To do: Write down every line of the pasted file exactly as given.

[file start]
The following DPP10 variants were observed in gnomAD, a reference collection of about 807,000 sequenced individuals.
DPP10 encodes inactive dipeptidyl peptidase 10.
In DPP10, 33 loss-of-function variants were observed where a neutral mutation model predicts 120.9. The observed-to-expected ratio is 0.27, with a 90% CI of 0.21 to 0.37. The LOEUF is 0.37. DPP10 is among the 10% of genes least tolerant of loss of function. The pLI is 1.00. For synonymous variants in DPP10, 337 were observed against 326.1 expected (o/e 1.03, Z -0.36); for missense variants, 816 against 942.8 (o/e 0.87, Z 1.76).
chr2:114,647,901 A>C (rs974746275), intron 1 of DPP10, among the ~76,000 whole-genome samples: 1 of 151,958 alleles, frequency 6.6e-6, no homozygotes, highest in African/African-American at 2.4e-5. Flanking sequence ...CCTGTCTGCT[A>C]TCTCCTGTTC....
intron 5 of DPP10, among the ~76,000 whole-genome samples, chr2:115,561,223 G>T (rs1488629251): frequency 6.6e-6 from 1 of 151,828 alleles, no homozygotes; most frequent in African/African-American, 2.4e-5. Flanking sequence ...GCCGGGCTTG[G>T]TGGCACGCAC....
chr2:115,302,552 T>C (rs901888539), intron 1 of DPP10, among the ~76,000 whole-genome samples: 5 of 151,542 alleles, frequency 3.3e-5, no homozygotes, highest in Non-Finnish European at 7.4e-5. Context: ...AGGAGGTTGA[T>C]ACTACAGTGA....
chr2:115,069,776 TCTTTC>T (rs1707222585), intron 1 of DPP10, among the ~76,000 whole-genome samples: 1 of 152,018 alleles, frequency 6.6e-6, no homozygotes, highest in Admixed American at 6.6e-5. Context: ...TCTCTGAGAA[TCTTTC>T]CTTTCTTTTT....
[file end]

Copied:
The following DPP10 variants were observed in gnomAD, a reference collection of about 807,000 sequenced individuals.
DPP10 encodes inactive dipeptidyl peptidase 10.
In DPP10, 33 loss-of-function variants were observed where a neutral mutation model predicts 120.9. The observed-to-expected ratio is 0.27, with a 90% CI of 0.21 to 0.37. The LOEUF is 0.37. DPP10 is among the 10% of genes least tolerant of loss of function. The pLI is 1.00. For synonymous variants in DPP10, 337 were observed against 326.1 expected (o/e 1.03, Z -0.36); for missense variants, 816 against 942.8 (o/e 0.87, Z 1.76).
chr2:114,647,901 A>C (rs974746275), intron 1 of DPP10, among the ~76,000 whole-genome samples: 1 of 151,958 alleles, frequency 6.6e-6, no homozygotes, highest in African/African-American at 2.4e-5. Flanking sequence ...CCTGTCTGCT[A>C]TCTCCTGTTC....
intron 5 of DPP10, among the ~76,000 whole-genome samples, chr2:115,561,223 G>T (rs1488629251): frequency 6.6e-6 from 1 of 151,828 alleles, no homozygotes; most frequent in African/African-American, 2.4e-5. Flanking sequence ...GCCGGGCTTG[G>T]TGGCACGCAC....
chr2:115,302,552 T>C (rs901888539), intron 1 of DPP10, among the ~76,000 whole-genome samples: 5 of 151,542 alleles, frequency 3.3e-5, no homozygotes, highest in Non-Finnish European at 7.4e-5. Context: ...AGGAGGTTGA[T>C]ACTACAGTGA....
chr2:115,069,776 TCTTTC>T (rs1707222585), intron 1 of DPP10, among the ~76,000 whole-genome samples: 1 of 152,018 alleles, frequency 6.6e-6, no homozygotes, highest in Admixed American at 6.6e-5. Context: ...TCTCTGAGAA[TCTTTC>T]CTTTCTTTTT....